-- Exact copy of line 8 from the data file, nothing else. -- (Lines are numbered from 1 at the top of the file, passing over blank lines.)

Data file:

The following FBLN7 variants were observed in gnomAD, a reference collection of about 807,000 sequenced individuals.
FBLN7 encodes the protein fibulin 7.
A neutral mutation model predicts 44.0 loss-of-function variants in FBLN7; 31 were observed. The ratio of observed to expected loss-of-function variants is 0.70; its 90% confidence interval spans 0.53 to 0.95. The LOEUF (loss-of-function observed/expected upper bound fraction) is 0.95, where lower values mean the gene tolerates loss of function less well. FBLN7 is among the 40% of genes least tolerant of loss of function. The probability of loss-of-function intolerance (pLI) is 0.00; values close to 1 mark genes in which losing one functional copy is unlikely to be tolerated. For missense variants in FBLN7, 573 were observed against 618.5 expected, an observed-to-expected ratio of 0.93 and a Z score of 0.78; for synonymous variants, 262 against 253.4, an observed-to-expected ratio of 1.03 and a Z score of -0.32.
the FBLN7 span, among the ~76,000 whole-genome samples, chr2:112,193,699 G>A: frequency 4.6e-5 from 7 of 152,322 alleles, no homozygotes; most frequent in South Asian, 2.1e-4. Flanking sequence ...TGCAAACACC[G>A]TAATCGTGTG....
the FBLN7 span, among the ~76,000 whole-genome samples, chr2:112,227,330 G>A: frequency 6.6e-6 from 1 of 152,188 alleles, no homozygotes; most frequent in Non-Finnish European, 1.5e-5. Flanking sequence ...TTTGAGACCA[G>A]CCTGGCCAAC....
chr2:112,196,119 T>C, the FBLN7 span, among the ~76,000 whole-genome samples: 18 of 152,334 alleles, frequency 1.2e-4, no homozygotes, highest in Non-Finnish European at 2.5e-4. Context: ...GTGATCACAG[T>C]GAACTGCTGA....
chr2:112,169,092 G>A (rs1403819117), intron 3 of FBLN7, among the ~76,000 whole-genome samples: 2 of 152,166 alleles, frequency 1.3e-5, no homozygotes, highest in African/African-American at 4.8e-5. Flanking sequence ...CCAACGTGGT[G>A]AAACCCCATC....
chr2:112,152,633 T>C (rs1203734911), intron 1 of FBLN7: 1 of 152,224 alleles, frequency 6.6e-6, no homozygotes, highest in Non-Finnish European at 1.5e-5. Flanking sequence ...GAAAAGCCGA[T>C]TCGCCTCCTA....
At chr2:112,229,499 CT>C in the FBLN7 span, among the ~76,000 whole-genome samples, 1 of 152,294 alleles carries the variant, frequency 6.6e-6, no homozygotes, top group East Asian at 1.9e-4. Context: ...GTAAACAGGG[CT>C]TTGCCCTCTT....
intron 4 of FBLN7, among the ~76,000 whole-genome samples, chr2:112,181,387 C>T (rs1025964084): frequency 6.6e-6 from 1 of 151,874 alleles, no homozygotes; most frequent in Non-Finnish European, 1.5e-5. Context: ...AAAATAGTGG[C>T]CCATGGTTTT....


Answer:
chr2:112,152,633 T>C (rs1203734911), intron 1 of FBLN7: 1 of 152,224 alleles, frequency 6.6e-6, no homozygotes, highest in Non-Finnish European at 1.5e-5. Flanking sequence ...GAAAAGCCGA[T>C]TCGCCTCCTA....